* "Pure" olive oil is a bit of a misnomer. Don't be fooled if you see the term "pure" on the label; it means the oil is a blend of refined and virgin olive oils.
Another term that you may see on a bottle of olive oil is "cold pressed." This term means that minimal heating was used when mechanically processing the olives to make oil.
Look for premium quality extra virgin olive oil which has been properly stored and then packed fresh upon demand from bulk. Fresh extra virgin olive oil is like fresh squeezed fruit juice: it does not get better with age. Olives are harvested and pressed once a year: in the Northern hemisphere (Europe, the Mediterranean, California) in November or December, and in the Southern hemisphere (Australia, Chile, Argentina) in May, June, or July. Olive oil is at its best within six months of crushing, and should certainly be consumed withing one year. Look for olive oil whose crushing date is clearly indicated on the label, not just a bottling date (which could be long after the olives were crushed, giving the oil time to degrade) or an expiry date (which is often arbitrary, and rarely placed less than 2 years from crushing date).
If fresh, bulk-stored extra virgin olive oil is not available, then look for olive oil packaged in dark tinted bottles with the crush date listed on the bottle. This form of packaging helps protect the oil from oxidation caused by exposure to light. In addition, make sure the oil is displayed in a cool area, away from any direct or indirect contact with heat.
Preparation and Use
Different manufacturers list different smoke points for their olive oils, and some manufacturers list a temperature very close to smoke point as their maximum limit for safe heating of the oil. When these temperatures might be correct for avoiding large amounts of some harmful substances that can be created through heating of the oil, they are not correct limits for preserving the unique nutrients (especially polyphenols) found in high-quality, extra virgin olive oil. Oxidation of nourishing substances found in extra virgin olive oil, as well as acrylamide formation, can occur at cooking temperatures very closer to the 300F range. For these reasons, we recommend a much stricter heating standard involving very little or no heating when enjoying this delightful oil. Studies by the U.S. Food and Drug Administration have found no detectable amounts of acrylamide in olive oil when it is purchased in bottled form and not subsequently used for the frying or baking of foods.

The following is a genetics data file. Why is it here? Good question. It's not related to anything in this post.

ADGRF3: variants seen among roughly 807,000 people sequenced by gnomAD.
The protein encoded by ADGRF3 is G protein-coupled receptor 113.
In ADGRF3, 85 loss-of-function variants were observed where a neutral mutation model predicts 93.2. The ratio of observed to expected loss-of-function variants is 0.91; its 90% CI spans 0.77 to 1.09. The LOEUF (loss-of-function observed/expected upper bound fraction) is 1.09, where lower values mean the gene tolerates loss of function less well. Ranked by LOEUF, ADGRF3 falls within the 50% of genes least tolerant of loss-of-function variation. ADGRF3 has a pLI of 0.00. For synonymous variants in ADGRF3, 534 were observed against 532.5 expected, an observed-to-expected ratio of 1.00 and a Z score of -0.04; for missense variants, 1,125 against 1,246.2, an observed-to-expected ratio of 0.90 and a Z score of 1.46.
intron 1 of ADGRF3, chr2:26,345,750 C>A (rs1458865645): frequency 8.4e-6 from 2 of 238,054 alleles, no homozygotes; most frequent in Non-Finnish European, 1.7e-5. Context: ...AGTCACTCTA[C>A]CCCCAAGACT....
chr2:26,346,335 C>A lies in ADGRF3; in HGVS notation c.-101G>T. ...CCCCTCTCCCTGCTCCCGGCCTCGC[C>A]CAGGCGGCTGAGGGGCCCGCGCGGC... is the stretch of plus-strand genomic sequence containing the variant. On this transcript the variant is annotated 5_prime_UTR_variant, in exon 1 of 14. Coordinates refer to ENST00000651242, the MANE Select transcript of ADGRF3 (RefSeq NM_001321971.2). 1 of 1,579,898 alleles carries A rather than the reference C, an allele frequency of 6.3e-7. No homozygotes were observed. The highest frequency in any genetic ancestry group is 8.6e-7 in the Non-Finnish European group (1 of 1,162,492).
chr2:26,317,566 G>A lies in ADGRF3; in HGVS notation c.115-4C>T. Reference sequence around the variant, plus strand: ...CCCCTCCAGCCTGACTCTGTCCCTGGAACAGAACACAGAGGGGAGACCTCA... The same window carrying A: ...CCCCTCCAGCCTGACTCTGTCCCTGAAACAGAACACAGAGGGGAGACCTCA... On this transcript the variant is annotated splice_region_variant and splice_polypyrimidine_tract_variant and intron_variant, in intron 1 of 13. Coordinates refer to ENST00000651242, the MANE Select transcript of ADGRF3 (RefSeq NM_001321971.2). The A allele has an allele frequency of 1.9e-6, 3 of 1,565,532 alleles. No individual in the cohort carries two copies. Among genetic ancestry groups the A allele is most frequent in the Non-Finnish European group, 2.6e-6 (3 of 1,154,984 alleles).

Conserving and Storing
Even though olive oil's monounsaturated fats are more stable and heat-resistant than the polyunsaturated fats that predominate in other oils (especially the easily damaged omega-3 fatty acids found in flax seed oil, which should always be refrigerated and never heated), olive oil should be stored properly and used within a few months to ensure its healthy phytonutrients remain intact and available. Also, be sure to know the date that the extra virgin olive oil was pressed. Olive oil is perishable. Its flavor and phenols are most intact when it is fresh. Consuming extra virgin olive oil that is old reduces the health benefits and can introduce free-radicals if consumed after it has become rancid.
Tinted glass containers screen out some light, but non-reactive dark plastic or metal containers are the best choice for preserving olive oil's beneficial compounds.